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Commons Select Committee calls for investigation into Leeds United

Commons Select Committee calls for investigation into Leeds United

The House of Commons select committee on Culture Media and Sport has finally reported on Football Governance. The wide ranging report has made a number of recommendations  including reform of the FA institutions,  the football creditors rule, payments to players and agents, but above the vexed subject of ownership of football clubs.   A hard hitting call for a thorough investigation in the affairs Leeds United is made, following hearing evidence from Chairman Ken Bates.

The report begins by a review of the governing bodies of English Football, calling for urgent reform of the FA Board, the FA Council  and other committees. It then turns to look at debt in the game, concluding that much of the blame lies with players and their agents who should be subject to tighter regulation.

Other areas that have come under the spotlight include the ‘Football Creditors Rule’ that encourages ‘financial risk taking’ and is clearly not liked by the HMRC who have recently taken a more pro active role in director disqualification cases where clubs have gone into administration.  Foreign ownership is mentioned in passing, with a comment that a more ‘robust criteria’ should be introduced for those owners from abroad who wish to own a club in English competitions.

The ‘meat’ of the report however relates to the question of transparency of club ownership, and will no doubt lift the spirits of the long suffering supporters of Leeds United, the team that made such a spectacular fall from grace in the early 2000’s, that such a financial meltdown is known as ‘doing a Leeds United’. Long gone are the days when the directors of the club seemed to have the best interests of the club and its supporters at heart.

Fans at Leeds witnessed relegation the Premier League, followed by the sale of the starts for knock down values, before the club was ‘rescued’ by Ken Bates in January 2005. Under Bates, the club was again relegated again and then went into administration in unusual circumstances.

Although the club has returned to the Championship, many fans still question the motives of the Chairman who is spending freely on improvements to the ground, whilst failing to support the team for reasons that are not apparent. Other questions were asked as to the opaque ownership of both the ground and the newly formed Leeds United Football Club Limited, which were later clarified. Demonstrators both at home and away have been branded ‘morons’ by Bates who seems disinterested in any issue that has been raised that questions his intentions or motives.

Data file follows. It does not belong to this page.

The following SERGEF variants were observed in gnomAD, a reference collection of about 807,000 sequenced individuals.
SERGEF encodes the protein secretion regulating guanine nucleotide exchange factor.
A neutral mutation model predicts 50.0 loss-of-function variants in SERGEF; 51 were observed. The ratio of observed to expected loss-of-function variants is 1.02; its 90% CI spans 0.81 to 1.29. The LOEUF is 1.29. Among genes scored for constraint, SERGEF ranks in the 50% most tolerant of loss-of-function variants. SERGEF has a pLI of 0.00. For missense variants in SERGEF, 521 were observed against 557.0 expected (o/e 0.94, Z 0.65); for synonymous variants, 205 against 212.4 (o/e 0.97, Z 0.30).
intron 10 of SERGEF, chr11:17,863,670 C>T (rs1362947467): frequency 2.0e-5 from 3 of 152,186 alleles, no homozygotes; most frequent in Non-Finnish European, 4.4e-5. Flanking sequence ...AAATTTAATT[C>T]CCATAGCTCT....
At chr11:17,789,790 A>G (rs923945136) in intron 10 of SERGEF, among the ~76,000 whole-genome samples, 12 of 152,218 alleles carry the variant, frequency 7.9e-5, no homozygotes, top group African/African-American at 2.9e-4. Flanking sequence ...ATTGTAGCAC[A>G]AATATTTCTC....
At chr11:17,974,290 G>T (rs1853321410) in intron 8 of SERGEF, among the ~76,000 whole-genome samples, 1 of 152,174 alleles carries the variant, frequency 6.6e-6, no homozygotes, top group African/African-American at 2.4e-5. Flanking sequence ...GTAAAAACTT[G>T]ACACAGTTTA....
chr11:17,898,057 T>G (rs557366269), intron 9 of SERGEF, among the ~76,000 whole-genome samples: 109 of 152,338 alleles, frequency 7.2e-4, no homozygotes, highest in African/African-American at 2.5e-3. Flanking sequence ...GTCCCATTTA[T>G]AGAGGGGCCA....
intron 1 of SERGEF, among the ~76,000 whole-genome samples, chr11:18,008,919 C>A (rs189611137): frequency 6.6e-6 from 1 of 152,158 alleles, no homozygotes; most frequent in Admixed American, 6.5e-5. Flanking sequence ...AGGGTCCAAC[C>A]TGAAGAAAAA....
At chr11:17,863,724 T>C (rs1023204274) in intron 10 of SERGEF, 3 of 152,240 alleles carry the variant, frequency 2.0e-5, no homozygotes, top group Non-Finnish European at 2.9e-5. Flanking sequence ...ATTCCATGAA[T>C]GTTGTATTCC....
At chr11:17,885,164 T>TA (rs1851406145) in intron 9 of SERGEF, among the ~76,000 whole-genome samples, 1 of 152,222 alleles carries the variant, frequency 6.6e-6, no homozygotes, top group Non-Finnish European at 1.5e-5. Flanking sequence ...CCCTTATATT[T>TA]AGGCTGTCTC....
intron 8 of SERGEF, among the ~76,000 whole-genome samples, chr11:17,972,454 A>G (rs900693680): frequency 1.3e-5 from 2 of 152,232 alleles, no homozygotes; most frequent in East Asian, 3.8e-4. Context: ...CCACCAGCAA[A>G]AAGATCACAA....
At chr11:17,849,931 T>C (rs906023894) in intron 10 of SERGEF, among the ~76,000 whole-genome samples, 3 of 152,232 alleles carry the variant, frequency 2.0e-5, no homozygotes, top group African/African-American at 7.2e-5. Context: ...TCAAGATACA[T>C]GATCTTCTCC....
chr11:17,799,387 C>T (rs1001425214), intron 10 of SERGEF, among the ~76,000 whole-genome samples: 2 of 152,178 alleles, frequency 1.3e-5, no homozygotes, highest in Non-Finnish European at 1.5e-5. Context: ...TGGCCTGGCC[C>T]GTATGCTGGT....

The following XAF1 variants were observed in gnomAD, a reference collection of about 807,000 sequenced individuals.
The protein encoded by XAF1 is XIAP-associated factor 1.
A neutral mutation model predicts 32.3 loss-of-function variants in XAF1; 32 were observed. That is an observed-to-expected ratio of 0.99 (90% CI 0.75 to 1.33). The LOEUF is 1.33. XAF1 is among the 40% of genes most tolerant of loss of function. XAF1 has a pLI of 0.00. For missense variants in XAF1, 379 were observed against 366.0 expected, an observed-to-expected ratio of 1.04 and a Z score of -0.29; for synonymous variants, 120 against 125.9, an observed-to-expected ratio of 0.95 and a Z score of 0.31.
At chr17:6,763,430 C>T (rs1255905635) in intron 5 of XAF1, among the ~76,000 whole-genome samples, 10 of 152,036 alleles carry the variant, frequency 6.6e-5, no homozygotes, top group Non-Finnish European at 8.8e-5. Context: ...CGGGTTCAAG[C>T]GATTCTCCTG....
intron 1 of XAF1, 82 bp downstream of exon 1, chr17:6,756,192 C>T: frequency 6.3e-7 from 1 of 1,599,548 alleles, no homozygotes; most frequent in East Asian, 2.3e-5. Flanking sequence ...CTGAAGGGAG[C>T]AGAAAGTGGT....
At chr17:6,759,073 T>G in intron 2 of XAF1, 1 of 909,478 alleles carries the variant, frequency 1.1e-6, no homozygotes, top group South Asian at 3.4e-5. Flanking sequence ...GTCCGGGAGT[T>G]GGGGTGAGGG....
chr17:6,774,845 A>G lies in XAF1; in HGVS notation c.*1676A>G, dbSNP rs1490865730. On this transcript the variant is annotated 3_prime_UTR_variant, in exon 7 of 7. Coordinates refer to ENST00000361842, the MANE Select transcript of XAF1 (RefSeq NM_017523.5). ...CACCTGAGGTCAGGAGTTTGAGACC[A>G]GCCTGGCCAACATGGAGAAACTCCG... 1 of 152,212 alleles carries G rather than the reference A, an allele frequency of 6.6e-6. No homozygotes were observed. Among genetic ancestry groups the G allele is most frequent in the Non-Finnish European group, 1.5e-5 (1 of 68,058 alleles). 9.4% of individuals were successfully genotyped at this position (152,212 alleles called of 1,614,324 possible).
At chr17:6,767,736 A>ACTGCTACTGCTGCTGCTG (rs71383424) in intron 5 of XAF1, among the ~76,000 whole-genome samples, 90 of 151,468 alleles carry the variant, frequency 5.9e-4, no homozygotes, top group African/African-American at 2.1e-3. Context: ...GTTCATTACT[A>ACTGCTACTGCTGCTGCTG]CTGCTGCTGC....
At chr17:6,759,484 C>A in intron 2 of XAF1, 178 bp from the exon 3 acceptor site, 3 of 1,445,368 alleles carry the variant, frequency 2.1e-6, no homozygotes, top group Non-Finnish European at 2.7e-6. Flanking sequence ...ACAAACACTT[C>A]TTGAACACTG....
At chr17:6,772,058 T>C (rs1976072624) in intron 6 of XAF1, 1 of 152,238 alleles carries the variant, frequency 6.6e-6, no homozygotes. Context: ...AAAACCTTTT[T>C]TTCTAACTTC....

The Report criticises the FA, the Premier League and the Football League, as spending too long behind the curve on ownership matters, and accusing them of allowing some startlingly poor business practices to occur and tolerating an unacceptably low level of transparency.

There is no more blatant an example of lack of transparency than the recent ownership history of Leeds United, and we urge the FA to demonstrate its new resolve by conducting a thorough investigation and if necessary, to seek the assistance of Her Majesty’s Revenue and Customs’

The Main body of the report deals with the evidence that was heard in respect of Ken Bates and Leeds United.

188.  We were also concerned as to why, until very recently, the Football League appeared content to allow a club—Leeds United—to play in its competition without the Football League or the FA or Leeds United fans knowing who owned the club. We invited Ken Bates, Chairman of Leeds United, to give evidence but he said he was unable to attend through illness

His Chief Executive, Shaun Harvey, told us that Leeds United was owned by discretionary trusts, but that neither he nor, to his knowledge, Ken Bates, knew who they were. Leeds United subsequently announced that Ken Bates had bought the club from the discretionary trusts for an undisclosed fee. This announcement, however, raised further governance concerns, as it was not at all clear why the trusts should sell a financially-sound, upwardly-mobile club without at least seeking alternative bids to find the best price. The manner of the sale raises concerns, which cannot be substantiated or disproven given the lack of transparency, that Ken Bates, who took the club into administration, was a participant in the discretionary trusts who took the club out of administration.

Further suggestions in the report include the increase in supporter involvement in the running of football. In other areas such as sustainability, economists are devising new shareholder models to give a voice to interested parties other than the investors in a company.

There is a strong case to be made that those who dedicate themselves to their football clubs, often for many years and great personal expense should have an equal if not superior say in the financial affairs of their club. Perhaps the time has arrived when accountability of the board will become a priority. No doubt a properly funded and determined investigation into affairs at Leeds would go a long way to assuage the concerns of the majority of supporters

Click here to read the full report of the select committee.

For any advice and assistance for issues like these please do call Jeremy on 0844 2722322 or submit a comment below. Jeremy will come back to you at the earliest convenience.

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